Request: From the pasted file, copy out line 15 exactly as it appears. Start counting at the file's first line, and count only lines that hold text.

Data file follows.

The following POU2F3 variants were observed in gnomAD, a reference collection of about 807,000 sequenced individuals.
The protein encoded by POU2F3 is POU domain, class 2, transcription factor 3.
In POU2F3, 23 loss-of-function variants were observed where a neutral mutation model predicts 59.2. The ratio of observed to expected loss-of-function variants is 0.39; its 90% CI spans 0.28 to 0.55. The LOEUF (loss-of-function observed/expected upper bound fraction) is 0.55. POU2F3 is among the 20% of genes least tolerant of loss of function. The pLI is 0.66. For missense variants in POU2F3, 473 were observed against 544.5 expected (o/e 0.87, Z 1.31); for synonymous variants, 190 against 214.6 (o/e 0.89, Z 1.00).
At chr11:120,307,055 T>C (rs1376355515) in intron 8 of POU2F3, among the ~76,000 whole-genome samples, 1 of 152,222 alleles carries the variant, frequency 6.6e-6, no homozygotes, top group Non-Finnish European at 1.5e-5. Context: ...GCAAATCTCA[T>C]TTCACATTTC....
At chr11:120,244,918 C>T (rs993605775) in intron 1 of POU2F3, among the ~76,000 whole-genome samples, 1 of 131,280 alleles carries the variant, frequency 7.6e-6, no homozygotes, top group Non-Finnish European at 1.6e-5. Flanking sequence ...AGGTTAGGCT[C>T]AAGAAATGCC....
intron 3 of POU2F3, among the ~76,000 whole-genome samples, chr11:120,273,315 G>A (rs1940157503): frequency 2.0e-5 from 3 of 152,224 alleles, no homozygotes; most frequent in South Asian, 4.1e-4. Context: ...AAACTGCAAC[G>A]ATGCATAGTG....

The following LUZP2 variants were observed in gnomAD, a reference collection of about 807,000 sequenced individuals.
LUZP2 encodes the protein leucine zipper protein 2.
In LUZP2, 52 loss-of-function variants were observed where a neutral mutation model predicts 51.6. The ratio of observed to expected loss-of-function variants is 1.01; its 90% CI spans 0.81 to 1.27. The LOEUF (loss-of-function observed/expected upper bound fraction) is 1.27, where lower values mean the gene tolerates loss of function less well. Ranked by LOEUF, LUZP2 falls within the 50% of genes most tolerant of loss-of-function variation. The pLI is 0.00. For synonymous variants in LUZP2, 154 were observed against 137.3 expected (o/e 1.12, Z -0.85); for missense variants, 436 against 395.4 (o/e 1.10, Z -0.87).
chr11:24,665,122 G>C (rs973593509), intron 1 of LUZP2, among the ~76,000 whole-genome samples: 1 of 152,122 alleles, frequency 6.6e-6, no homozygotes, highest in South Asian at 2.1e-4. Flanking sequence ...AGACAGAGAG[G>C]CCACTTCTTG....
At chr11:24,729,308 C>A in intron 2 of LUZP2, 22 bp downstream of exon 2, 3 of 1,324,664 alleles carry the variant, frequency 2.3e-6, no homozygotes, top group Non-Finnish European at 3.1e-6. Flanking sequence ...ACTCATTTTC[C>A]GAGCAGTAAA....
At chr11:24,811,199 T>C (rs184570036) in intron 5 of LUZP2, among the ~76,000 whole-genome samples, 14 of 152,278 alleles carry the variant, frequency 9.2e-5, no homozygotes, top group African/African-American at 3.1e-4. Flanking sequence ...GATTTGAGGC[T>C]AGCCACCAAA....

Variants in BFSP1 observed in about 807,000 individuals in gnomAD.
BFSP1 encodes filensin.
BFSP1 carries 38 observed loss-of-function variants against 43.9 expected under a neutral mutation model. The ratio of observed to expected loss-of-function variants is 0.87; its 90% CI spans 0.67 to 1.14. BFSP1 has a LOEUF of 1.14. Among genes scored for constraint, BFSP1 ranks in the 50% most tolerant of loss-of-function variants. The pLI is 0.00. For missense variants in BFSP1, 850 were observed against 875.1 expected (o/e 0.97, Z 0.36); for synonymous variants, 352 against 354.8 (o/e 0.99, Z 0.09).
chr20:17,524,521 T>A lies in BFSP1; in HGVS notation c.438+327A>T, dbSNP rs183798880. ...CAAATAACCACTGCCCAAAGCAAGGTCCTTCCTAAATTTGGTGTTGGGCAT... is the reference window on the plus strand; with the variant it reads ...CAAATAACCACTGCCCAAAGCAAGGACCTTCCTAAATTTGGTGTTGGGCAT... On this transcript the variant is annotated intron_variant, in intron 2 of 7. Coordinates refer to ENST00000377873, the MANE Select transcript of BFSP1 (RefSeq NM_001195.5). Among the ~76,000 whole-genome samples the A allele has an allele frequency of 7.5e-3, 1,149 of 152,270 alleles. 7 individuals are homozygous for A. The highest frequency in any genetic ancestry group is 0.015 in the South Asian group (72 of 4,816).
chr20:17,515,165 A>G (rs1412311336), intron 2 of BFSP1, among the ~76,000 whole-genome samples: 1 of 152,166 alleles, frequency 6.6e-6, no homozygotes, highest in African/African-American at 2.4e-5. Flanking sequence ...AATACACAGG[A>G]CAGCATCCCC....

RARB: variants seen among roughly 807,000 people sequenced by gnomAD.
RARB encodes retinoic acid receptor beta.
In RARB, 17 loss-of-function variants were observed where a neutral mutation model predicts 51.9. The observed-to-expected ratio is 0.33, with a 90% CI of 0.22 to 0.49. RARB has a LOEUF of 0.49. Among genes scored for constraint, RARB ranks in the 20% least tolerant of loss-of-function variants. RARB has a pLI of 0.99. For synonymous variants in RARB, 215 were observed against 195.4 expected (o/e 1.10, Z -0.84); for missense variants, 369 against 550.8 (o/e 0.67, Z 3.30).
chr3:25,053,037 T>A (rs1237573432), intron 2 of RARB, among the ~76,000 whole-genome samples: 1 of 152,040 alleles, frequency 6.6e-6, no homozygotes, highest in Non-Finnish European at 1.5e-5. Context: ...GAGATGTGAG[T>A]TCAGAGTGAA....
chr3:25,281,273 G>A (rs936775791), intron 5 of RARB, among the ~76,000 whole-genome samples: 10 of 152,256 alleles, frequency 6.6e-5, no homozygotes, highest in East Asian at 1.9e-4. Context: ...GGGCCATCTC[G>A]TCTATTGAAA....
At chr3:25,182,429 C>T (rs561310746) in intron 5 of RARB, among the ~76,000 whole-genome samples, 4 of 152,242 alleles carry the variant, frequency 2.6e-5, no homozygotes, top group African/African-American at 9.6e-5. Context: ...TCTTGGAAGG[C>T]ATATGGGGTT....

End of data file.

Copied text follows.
BFSP1 carries 38 observed loss-of-function variants against 43.9 expected under a neutral mutation model. The ratio of observed to expected loss-of-function variants is 0.87; its 90% CI spans 0.67 to 1.14. BFSP1 has a LOEUF of 1.14. Among genes scored for constraint, BFSP1 ranks in the 50% most tolerant of loss-of-function variants. The pLI is 0.00. For missense variants in BFSP1, 850 were observed against 875.1 expected (o/e 0.97, Z 0.36); for synonymous variants, 352 against 354.8 (o/e 0.99, Z 0.09).